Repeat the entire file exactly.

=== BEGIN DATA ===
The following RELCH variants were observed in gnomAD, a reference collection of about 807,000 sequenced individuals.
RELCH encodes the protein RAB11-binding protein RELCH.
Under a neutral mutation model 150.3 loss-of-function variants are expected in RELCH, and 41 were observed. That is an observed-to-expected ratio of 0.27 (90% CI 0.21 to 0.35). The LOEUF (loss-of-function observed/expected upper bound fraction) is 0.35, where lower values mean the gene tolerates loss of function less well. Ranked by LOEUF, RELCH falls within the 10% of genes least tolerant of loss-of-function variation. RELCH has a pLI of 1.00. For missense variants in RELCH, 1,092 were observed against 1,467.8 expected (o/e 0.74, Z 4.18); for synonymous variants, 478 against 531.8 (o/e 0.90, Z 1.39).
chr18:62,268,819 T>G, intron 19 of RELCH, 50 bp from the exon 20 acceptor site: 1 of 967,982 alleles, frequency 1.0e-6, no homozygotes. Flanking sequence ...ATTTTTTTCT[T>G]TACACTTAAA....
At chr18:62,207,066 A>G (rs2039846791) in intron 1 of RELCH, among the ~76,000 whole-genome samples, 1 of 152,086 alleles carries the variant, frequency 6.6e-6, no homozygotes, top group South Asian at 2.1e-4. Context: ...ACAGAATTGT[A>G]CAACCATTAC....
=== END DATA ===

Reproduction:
The following RELCH variants were observed in gnomAD, a reference collection of about 807,000 sequenced individuals.
RELCH encodes the protein RAB11-binding protein RELCH.
Under a neutral mutation model 150.3 loss-of-function variants are expected in RELCH, and 41 were observed. That is an observed-to-expected ratio of 0.27 (90% CI 0.21 to 0.35). The LOEUF (loss-of-function observed/expected upper bound fraction) is 0.35, where lower values mean the gene tolerates loss of function less well. Ranked by LOEUF, RELCH falls within the 10% of genes least tolerant of loss-of-function variation. RELCH has a pLI of 1.00. For missense variants in RELCH, 1,092 were observed against 1,467.8 expected (o/e 0.74, Z 4.18); for synonymous variants, 478 against 531.8 (o/e 0.90, Z 1.39).
chr18:62,268,819 T>G, intron 19 of RELCH, 50 bp from the exon 20 acceptor site: 1 of 967,982 alleles, frequency 1.0e-6, no homozygotes. Flanking sequence ...ATTTTTTTCT[T>G]TACACTTAAA....
At chr18:62,207,066 A>G (rs2039846791) in intron 1 of RELCH, among the ~76,000 whole-genome samples, 1 of 152,086 alleles carries the variant, frequency 6.6e-6, no homozygotes, top group South Asian at 2.1e-4. Context: ...ACAGAATTGT[A>G]CAACCATTAC....